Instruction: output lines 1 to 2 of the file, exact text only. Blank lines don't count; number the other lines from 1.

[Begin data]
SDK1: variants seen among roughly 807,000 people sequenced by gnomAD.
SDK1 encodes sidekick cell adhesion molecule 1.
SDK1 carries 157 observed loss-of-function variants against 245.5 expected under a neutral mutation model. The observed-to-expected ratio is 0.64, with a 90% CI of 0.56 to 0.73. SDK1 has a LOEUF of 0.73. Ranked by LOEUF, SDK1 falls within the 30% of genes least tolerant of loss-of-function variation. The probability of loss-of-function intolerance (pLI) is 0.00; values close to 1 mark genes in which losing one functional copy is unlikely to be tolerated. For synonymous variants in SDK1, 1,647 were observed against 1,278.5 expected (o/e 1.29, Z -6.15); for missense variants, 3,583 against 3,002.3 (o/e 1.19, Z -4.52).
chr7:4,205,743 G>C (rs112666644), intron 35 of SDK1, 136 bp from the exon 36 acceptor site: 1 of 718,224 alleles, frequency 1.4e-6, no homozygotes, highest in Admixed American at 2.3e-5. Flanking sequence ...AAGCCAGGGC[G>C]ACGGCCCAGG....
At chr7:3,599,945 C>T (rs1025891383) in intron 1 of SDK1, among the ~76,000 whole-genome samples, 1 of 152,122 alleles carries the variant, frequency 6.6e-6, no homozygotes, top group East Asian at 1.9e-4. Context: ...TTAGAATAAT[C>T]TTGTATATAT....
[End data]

SDK1: variants seen among roughly 807,000 people sequenced by gnomAD.
SDK1 encodes sidekick cell adhesion molecule 1.